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Breast Cancer: Awareness, Activism & 'Pinkwashing'

Sonya N. Hebert
Official White House Photo

Are you seeing pink? October is Breast Cancer Awareness Month which means pink ribbons and pink everything are showing up everywhere - NFL players sport pink accessories, there are pink cereal boxes on store shelves and pink newspapers in the mailbox. But is that pink can of soup really making a difference to eliminate breast cancer? Critics call it "pinkwashing" and say it's time to move past the superficial awareness campaigns for what is a complicated and devastating disease. They say that visibility and fundraising alone isn't the answer to ending breast cancer and that this sort of marketing oversimplifies the disease with detrimental effects. We'll explore the nexus of disease, marketing, awareness and research in what some call our "feel good war on breast cancer" and learn about some of the politics and controversies over prevention and treatments.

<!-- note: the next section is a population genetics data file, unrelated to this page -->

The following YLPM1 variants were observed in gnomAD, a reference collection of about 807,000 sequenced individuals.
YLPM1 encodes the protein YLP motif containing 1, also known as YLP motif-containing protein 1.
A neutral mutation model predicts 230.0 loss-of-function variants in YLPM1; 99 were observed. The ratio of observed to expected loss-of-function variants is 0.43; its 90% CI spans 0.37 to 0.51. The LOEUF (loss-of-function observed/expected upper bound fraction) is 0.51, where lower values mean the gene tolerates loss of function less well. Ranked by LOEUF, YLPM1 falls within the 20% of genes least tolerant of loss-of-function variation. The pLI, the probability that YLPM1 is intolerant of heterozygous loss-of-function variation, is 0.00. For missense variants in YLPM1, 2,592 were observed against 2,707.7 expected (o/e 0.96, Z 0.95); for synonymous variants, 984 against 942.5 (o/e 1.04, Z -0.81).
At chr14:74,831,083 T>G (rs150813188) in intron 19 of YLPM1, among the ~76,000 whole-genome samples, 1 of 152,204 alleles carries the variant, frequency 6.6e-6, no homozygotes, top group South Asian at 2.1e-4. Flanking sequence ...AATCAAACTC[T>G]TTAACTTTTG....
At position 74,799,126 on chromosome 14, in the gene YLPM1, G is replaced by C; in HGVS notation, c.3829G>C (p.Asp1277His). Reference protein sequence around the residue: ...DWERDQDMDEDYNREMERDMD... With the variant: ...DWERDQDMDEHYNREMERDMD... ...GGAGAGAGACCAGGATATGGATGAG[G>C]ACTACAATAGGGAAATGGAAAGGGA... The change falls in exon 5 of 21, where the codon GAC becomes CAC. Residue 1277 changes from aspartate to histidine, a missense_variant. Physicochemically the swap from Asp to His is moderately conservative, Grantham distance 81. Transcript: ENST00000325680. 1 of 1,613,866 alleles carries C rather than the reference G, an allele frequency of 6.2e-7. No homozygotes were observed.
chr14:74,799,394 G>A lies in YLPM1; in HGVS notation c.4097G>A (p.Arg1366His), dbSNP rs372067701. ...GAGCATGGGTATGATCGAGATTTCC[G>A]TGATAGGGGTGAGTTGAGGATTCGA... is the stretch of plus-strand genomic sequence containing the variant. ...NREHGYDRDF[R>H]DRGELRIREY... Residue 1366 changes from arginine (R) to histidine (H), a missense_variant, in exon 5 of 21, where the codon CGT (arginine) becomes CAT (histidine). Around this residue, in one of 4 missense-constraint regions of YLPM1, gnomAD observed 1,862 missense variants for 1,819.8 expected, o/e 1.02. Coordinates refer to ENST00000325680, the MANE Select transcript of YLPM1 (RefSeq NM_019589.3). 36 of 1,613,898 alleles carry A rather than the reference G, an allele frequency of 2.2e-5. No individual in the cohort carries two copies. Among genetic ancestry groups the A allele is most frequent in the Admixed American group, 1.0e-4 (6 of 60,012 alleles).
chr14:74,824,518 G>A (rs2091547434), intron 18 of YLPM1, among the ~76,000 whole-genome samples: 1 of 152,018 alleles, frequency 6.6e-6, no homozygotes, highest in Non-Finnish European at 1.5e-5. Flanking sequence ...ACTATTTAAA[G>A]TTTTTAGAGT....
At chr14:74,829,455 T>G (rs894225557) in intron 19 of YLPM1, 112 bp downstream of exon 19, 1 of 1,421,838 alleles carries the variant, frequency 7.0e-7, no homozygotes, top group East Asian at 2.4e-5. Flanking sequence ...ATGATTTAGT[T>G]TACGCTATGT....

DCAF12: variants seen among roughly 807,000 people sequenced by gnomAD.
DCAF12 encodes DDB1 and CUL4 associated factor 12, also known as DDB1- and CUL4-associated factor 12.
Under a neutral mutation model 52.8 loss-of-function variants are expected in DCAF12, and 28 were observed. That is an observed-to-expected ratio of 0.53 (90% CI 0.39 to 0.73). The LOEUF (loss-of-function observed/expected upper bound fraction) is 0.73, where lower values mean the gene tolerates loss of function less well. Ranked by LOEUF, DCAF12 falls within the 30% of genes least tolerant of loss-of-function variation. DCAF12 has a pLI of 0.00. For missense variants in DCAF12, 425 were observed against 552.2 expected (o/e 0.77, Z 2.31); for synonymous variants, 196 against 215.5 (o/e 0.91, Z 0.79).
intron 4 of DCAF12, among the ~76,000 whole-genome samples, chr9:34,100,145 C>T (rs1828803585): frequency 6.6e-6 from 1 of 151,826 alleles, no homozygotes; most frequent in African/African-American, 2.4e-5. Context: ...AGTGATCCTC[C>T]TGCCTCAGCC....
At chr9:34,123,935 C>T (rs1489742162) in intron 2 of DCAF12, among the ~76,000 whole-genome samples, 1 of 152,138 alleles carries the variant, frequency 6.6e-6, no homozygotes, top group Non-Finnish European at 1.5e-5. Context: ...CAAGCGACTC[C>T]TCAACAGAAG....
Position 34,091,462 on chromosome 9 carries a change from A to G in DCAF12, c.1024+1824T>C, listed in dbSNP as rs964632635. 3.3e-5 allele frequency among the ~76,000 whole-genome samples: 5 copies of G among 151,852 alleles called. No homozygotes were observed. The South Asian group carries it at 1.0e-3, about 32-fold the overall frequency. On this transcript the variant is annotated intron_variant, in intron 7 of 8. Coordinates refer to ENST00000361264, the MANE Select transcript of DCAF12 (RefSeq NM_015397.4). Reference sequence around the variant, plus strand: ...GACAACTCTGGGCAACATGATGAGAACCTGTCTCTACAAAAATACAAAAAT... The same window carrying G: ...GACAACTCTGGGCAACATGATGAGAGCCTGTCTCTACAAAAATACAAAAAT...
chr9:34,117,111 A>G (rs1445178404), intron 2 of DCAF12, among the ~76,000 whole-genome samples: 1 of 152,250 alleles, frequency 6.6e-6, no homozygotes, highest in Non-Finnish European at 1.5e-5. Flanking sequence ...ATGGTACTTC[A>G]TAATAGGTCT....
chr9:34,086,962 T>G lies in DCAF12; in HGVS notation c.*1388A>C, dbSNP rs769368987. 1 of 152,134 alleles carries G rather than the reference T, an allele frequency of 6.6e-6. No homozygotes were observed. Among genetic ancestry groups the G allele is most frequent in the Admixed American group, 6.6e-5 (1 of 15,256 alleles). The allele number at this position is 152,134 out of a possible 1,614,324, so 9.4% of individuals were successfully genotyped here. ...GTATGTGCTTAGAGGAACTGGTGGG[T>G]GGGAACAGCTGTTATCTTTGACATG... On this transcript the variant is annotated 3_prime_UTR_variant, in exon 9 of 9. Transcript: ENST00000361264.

Dr. Marilyn Sarow - Professor of Mass Communication at Winthrop University and Co-Author of Cancer Activism: Gender, Media, and Public Policy
Dr. Richard White - Chief of the Division of Surgical Oncology at Carolinas HealthCare System’s Levine Cancer Institute
Dr. Gayle Sulik - Medical Sociologist, founder of the Breast Cancer Consortium, and author of Pink Ribbon Blues: How Breast Cancer Culture Undermines Women's Health
Laura Nikolaides - Research & Quality Care Program Director, National Breast Cancer Coalition